So, somewhere around mile 7, maybe the Coke had kicked in or my legs had just loosened up - I don't know - but it noticeably began to hurt more to walk than to run, so I just started running - and it felt better and better. From then on, I only walked at the aid stations, to refuel, and on the steeper rises (fortunately they weren't very long) - and, as time went on, less and less on those.
I liked Ian's advice about changing socks so much that I decided to follow it again at the Run Special Needs at mile 11.5 - I cleaned my feet, Body Glided between my toes, and changed my socks. By the way, it worked fabulously - it may also be that I now have better fitting shoes and my feet are more used to longer run distances - but I had no blisters at all at the end of the race. And I used to have huge problems with blisters, even on 10Ks! I also followed and portion of the Macca school of thought - Red Bull. And it did give me wings! By the next mile, I was running strong, slowing down only for the aid stations, and that lasted all the way to mile 22, when my legs suddenly decided that they'd had it.
The sun set as I walked from mile 22 to mile 24 - and, at that point, I decided that I wanted to try to finish while there was still light in the sky, so I started running again by sheer force of will. Knowing how close the finish line was, I had a huge smile on my face, and I moved faster and faster as I came into, and through, the Ironman Village, and the waiting crowds, to the finish line. I didn't beat the sunlight, but I did actually sprint the last 200 yards, buoyed by the cheering masses surrounding the line, and, yet, at the same time, in my own world, finishing this race against myself. I was so happy and thankful to be there, and in such a daze, that I didn't even hear Mike Reilly declare what I, in that moment, already knew to be true: that I am an Ironman.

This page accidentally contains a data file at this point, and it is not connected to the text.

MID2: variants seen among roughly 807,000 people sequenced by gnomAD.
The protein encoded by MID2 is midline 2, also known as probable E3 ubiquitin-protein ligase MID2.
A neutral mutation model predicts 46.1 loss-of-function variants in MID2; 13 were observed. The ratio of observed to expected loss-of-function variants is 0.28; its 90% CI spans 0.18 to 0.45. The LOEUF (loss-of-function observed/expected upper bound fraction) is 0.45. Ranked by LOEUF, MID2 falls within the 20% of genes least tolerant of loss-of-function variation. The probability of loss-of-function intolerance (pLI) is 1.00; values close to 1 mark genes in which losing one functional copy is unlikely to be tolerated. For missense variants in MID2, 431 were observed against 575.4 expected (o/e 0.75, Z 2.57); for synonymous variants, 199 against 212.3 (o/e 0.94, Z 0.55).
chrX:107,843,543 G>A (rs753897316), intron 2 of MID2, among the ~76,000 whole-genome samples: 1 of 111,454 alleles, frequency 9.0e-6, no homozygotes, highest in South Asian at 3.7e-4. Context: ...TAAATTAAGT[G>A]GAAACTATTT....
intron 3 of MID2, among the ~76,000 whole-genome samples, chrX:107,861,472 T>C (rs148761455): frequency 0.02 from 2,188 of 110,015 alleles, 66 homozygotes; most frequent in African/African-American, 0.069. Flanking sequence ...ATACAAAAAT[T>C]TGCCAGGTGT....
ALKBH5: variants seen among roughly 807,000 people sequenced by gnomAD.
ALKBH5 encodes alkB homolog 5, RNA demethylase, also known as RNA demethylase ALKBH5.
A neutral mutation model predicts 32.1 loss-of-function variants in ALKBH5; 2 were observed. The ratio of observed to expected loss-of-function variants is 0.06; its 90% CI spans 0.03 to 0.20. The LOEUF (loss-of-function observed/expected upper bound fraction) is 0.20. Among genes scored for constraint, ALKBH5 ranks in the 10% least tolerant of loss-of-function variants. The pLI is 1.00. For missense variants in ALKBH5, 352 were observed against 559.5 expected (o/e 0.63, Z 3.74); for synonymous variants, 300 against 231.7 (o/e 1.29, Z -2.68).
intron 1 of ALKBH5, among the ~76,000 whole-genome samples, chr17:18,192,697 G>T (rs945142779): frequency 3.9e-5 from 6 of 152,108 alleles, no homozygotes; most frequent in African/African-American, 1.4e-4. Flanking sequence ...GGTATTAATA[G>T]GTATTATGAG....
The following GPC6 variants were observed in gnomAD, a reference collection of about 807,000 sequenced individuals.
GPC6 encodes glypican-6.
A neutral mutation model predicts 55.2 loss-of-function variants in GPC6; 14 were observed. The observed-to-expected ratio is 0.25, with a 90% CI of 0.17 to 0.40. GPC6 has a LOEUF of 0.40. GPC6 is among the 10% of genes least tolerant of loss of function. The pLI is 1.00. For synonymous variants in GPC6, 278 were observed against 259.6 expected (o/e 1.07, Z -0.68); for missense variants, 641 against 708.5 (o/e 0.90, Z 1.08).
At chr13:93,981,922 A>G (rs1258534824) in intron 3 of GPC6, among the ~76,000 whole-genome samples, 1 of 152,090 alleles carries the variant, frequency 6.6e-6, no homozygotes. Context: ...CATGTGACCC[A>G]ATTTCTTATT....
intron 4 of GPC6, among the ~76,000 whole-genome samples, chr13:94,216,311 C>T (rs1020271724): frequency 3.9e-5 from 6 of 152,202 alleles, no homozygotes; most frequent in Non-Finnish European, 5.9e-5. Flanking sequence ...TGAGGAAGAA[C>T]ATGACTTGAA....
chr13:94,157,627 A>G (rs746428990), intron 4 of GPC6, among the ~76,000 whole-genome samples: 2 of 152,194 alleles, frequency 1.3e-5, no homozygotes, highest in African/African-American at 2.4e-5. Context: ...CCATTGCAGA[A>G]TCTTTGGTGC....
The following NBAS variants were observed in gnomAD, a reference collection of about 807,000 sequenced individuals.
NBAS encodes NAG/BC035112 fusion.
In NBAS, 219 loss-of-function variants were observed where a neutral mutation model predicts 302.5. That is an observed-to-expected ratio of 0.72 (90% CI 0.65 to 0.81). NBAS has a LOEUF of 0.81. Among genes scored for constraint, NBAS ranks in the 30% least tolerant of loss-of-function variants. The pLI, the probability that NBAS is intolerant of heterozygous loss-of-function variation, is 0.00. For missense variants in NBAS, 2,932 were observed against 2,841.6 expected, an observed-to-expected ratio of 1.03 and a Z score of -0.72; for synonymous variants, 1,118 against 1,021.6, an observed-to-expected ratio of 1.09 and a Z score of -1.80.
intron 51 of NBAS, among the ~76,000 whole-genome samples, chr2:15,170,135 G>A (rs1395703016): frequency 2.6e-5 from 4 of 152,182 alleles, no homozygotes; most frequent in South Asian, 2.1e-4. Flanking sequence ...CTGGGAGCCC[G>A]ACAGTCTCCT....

RUN TIME: 5:21:44
(average pace 12:17/mi)
TOTAL TIME: 12:28:36